After Murders ‘Doubled Overnight,’ the N.Y.P.D. Is Solving Fewer CasesIn the Bronx, where the percentage of murders solved by the police has plunged, one family is waiting impatiently for a day that may not come.

Maria Rosario has an unopened bottle of champagne ready for the day the police finally catch the man who killed her nephew, JayQuan Lewis. Mr. Lewis’s best friend already has an outfit picked out. And Marisol Sanchez, Mr. Lewis’s mother, says she will throw a party outside the local police station: She has a bakery on standby, to make the cake.

For more than three months, the group has gathered each morning on a corner in the Bronx, at a makeshift shrine to Mr. Lewis, 21, a local kid with a big smile who was shot and killed at a nearby bodega in August. On a chilly October evening — two months to the day since they lost “J.J.,” as Mr. Lewis was known — they all gathered again, sharing memories and fantasizing about the day his killer is caught.

“I have a strong feeling they’re going to find him soon,” Ms. Sanchez said.

But that was more than a month ago. She is still waiting.

In the years before the pandemic, the New York Police Department was solving nearly 90 percent of the murder cases in the city. But in 2020, as shootings and homicides increased, the percentage of homicides the police solved, a statistic known as the clearance rate, plummeted to around 60 percent, according to the department’s records.

The impact fell especially hard in the Bronx, where shootings reached their highest levels in nearly 15 years. This year, the police are solving around 62 percent of murders in the borough, said Lt. William O’Toole, who leads the Bronx’s homicide squad. In addition, he said, 17 murder suspects — including the man the police believe killed Mr. Lewis — have been identified and have active warrants issued against them.

But, Lieutenant O’Toole said, “It’s harder with the pandemic.”

In a city blanketed with surveillance equipment and video cameras, the police say some of the city’s most dangerous pockets do not have enough. The widespread use of masks during the pandemic has made it more difficult to identify assailants, they say. And, the police say, new discovery laws that allow the names of informants to be turned over to defense lawyers have deterred many potential witnesses from coming forward.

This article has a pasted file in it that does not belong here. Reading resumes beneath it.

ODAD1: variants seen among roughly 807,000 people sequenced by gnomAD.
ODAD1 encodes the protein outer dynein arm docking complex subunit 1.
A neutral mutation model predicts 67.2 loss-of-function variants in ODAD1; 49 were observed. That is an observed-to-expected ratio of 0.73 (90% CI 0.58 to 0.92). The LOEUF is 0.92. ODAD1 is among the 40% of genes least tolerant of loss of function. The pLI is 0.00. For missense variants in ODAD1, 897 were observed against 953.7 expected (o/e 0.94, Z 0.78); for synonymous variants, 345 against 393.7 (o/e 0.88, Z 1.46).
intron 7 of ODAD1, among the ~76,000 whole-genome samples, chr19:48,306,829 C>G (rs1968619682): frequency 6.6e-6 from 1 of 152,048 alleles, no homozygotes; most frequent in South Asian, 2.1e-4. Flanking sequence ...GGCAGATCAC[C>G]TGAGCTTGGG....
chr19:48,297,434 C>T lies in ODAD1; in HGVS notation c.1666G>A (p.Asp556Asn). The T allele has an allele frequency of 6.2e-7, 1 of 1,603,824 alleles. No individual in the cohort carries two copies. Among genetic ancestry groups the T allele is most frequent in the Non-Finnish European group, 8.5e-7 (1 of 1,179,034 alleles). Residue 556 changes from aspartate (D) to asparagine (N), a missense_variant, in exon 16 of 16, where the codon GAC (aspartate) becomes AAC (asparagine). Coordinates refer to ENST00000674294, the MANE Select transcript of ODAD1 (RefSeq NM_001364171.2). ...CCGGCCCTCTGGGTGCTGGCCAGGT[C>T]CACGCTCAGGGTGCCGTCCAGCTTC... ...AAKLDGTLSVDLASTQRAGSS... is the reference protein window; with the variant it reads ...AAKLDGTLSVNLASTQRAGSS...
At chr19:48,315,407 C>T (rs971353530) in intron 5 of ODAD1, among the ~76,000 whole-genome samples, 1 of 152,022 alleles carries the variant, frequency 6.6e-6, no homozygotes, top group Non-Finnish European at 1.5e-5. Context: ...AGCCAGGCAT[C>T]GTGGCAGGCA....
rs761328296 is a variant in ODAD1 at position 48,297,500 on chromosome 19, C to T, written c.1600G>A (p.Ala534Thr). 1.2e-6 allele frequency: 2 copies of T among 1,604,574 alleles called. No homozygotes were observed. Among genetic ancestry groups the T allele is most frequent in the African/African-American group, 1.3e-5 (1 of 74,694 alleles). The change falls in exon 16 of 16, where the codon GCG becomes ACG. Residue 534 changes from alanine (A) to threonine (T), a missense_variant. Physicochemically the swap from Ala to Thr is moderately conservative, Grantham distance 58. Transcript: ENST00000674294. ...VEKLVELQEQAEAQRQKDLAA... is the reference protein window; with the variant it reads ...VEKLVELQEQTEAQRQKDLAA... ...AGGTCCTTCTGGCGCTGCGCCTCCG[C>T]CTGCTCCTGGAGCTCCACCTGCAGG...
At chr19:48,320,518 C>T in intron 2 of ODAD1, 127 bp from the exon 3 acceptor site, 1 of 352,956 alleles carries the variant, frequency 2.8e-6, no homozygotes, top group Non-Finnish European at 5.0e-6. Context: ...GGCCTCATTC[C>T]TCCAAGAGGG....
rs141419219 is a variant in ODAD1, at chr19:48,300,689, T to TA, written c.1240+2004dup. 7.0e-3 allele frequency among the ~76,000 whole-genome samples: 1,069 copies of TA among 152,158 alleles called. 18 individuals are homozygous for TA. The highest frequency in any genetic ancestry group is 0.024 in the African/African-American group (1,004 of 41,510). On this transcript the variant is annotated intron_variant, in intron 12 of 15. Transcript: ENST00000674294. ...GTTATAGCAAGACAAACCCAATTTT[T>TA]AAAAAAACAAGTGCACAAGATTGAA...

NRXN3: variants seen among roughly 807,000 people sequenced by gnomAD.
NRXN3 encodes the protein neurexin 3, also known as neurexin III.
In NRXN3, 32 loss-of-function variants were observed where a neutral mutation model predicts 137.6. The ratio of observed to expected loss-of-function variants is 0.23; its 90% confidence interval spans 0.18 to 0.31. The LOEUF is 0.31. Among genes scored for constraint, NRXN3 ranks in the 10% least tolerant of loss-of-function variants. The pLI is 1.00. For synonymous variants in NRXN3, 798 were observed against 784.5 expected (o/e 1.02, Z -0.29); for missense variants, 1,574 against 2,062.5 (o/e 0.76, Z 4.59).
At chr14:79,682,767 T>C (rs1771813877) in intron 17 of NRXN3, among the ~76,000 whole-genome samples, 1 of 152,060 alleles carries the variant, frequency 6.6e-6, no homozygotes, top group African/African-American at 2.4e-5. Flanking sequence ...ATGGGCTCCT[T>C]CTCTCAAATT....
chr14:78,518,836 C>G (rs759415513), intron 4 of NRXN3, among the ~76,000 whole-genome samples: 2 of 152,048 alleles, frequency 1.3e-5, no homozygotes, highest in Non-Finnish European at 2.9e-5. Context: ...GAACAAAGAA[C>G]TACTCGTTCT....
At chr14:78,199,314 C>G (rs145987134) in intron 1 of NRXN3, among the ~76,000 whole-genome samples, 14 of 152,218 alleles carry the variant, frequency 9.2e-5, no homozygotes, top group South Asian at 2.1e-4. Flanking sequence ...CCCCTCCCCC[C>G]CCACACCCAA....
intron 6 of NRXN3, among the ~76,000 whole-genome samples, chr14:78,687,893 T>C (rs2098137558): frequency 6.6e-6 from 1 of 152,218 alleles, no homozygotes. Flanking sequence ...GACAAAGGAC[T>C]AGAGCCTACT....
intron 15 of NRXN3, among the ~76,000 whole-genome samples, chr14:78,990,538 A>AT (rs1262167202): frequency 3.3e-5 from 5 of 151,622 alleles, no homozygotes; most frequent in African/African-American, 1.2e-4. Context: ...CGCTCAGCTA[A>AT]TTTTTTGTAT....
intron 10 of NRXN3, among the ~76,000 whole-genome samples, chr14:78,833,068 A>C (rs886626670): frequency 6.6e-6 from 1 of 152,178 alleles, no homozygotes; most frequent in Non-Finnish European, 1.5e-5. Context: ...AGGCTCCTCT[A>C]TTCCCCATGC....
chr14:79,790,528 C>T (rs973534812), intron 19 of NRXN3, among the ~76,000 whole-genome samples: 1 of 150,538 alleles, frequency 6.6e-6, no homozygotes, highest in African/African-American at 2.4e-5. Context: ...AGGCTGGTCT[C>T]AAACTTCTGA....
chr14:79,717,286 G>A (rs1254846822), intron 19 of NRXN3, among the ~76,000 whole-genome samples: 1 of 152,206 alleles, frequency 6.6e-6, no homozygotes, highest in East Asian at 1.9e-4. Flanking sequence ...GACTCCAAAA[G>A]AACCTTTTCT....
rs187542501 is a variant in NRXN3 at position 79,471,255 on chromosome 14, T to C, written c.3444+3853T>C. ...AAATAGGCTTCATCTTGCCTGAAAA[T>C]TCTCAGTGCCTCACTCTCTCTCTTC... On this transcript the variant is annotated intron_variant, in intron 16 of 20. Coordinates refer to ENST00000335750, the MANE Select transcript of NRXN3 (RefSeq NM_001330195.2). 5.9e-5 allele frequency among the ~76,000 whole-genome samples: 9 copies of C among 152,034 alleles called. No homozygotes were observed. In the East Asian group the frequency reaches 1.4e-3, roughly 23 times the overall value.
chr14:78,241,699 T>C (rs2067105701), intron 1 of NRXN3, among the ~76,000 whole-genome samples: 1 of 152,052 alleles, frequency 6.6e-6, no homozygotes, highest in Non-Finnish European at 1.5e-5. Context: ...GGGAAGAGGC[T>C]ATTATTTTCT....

“The increase in shootings, that’s got to have a negative impact on clearance rates,” said Peter Moskos, a professor at John Jay College of Criminal Justice. “Their caseload literally doubled overnight. The odds are never great. That’s the unfortunate truth.”

The challenge is particularly acute for gang- and drug-related homicides, which the police believe may have been an impetus for Mr. Lewis’s killing, with his killer possibly mistaking him for another man.

“The dynamics that play out with gang and drug homicides are in neighborhoods that typically don’t have very good relationships with law enforcement, so they question whether they’re able to trust the police with sharing information they might have,” said Anthony Braga, a criminology professor at the University of Pennsylvania.

In the Bronx, Lieutenant O’Toole said, officers have noticed much more reluctance when speaking to the community, a phenomenon he attributes to the state’s discovery laws.

“It’s not for lack of trying,” Lieutenant O’Toole said of the rate of unsolved homicides. “We’re not getting a lot of community help.”

For Ms. Sanchez, much of that rings hollow. Her son was not known by the police to affiliate with any gang or drug activity. His shooting was caught clearly on video. And the man who pulled the trigger was not wearing a mask. The gunman’s face, fully visible on video footage, has haunted her.

In the weeks after Mr. Lewis died, Ms. Sanchez and her husband, Joseph Trinidad, were patient. The police said they identified a suspect within hours, but they did not want to release his picture, for fear of scaring him out of New York, Ms. Sanchez said. As the months have dragged on, she and her husband have grown frustrated at the lack of progress.

Between each monthly balloon release, a hard question looms: What if the phone call never comes?

Mr. Lewis spent nearly all of his short life in the Bronx, most of it on Bainbridge Avenue, where he lived with his parents and two younger brothers. A prankster with a big appetite, he was known for calling — not texting — friends and family, and for his fiercely protective nature.